- Associated Press - Wednesday, January 6, 2016

DULUTH, Minn. (AP) - Bird watchers are lining up to catch a glimpse of a rare ivory gull in Duluth.

For the last week, the nearly all-white bird has been spotted on the shores of Lake Superior, the Star Tribune (https://strib.mn/1SAXwnI ) reported. The species is typically found in the high Arctic, about 1,500 miles north of Duluth, and is rarely seen in the lower 48 states.

“It’s a birder party,” said Sharon Stiteler, aka “Birdchick,” a Minneapolis birding enthusiast and author. “I normally don’t chase birds, but my chances of ever getting to see this bird again in my lifetime are slim-to-none.”

Bob Dunlap, vice president of the Minnesota Ornithologists’ Union, said he jumped in his car New Year’s Day 15 minutes after he heard that an ivory gull had been spotted.

“It was a fist-pump moment,” Dunlap said. “People are coming from all over the U.S. to see this bird. It’s a very big deal.”

Photographers and birders have been tossing fillets of tuna and salmon over the breakwall to lure the bird as close as possible.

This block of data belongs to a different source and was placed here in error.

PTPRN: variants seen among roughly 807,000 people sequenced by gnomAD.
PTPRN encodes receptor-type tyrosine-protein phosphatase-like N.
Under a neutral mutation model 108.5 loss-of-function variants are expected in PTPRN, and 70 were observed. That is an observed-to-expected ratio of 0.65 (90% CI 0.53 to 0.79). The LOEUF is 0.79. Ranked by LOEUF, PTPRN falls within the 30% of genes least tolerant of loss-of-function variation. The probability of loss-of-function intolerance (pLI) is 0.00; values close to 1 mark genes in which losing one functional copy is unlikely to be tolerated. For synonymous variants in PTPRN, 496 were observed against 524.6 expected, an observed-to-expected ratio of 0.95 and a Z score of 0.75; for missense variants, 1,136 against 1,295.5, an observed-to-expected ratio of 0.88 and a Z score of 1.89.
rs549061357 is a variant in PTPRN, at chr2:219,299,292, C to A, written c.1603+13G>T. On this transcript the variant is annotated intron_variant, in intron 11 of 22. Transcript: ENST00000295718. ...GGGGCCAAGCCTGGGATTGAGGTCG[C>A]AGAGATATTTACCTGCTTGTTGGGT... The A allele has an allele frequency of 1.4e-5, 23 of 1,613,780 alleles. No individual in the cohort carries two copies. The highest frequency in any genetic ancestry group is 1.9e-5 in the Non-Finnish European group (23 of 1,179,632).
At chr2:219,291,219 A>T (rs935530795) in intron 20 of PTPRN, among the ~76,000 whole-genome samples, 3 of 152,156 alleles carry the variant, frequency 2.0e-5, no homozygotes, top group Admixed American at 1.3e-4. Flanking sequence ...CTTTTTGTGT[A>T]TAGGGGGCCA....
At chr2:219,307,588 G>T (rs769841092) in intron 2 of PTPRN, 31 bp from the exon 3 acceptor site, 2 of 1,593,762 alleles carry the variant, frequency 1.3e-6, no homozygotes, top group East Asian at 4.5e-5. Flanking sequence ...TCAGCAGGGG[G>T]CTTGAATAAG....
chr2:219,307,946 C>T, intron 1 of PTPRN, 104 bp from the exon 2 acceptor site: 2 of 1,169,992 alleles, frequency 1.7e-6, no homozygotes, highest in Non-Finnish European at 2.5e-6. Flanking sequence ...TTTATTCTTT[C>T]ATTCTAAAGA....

“It was 10 feet away at one point, flying over my head,” Dunlap said. “I probably could’ve touched it. It was putting on a show.”

An ivory gull sighting was first reported on Dec. 30. On Tuesday, a Duluth resident found a dead ivory gull on Connor’s Point in Superior, Wisconsin. But news spread that another ivory gull was spotted at Duluth’s Canal Park.

No one knows why the two birds showed up in Duluth. “There were some warmer than usual temperatures in the Arctic in the last week - maybe that had something to do with it,” Dunlap said. “Or it could be a fluke.”


Information from: Star Tribune, https://www.startribune.com

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